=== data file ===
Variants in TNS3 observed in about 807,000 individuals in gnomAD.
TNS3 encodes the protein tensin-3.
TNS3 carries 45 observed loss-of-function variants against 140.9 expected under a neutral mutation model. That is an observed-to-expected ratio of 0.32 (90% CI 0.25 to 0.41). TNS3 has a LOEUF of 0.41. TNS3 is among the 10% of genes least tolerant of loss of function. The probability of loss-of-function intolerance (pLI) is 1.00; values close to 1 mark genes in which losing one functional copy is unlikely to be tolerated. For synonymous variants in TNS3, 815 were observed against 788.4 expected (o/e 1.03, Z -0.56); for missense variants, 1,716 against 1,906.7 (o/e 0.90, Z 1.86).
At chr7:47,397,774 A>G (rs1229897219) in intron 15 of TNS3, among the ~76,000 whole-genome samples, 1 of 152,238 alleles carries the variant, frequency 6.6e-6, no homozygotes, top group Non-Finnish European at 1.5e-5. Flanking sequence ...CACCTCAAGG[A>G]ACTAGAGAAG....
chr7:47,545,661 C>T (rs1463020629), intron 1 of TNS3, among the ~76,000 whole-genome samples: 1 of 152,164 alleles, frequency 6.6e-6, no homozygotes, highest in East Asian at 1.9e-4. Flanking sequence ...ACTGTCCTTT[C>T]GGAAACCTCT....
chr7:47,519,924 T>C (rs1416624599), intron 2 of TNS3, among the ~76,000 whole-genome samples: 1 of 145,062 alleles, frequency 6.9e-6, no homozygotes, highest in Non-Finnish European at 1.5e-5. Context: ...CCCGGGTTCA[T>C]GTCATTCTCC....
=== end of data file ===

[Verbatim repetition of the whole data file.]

Variants in TNS3 observed in about 807,000 individuals in gnomAD.
TNS3 encodes the protein tensin-3.
TNS3 carries 45 observed loss-of-function variants against 140.9 expected under a neutral mutation model. That is an observed-to-expected ratio of 0.32 (90% CI 0.25 to 0.41). TNS3 has a LOEUF of 0.41. TNS3 is among the 10% of genes least tolerant of loss of function. The probability of loss-of-function intolerance (pLI) is 1.00; values close to 1 mark genes in which losing one functional copy is unlikely to be tolerated. For synonymous variants in TNS3, 815 were observed against 788.4 expected (o/e 1.03, Z -0.56); for missense variants, 1,716 against 1,906.7 (o/e 0.90, Z 1.86).
At chr7:47,397,774 A>G (rs1229897219) in intron 15 of TNS3, among the ~76,000 whole-genome samples, 1 of 152,238 alleles carries the variant, frequency 6.6e-6, no homozygotes, top group Non-Finnish European at 1.5e-5. Flanking sequence ...CACCTCAAGG[A>G]ACTAGAGAAG....
chr7:47,545,661 C>T (rs1463020629), intron 1 of TNS3, among the ~76,000 whole-genome samples: 1 of 152,164 alleles, frequency 6.6e-6, no homozygotes, highest in East Asian at 1.9e-4. Flanking sequence ...ACTGTCCTTT[C>T]GGAAACCTCT....
chr7:47,519,924 T>C (rs1416624599), intron 2 of TNS3, among the ~76,000 whole-genome samples: 1 of 145,062 alleles, frequency 6.9e-6, no homozygotes, highest in Non-Finnish European at 1.5e-5. Context: ...CCCGGGTTCA[T>C]GTCATTCTCC....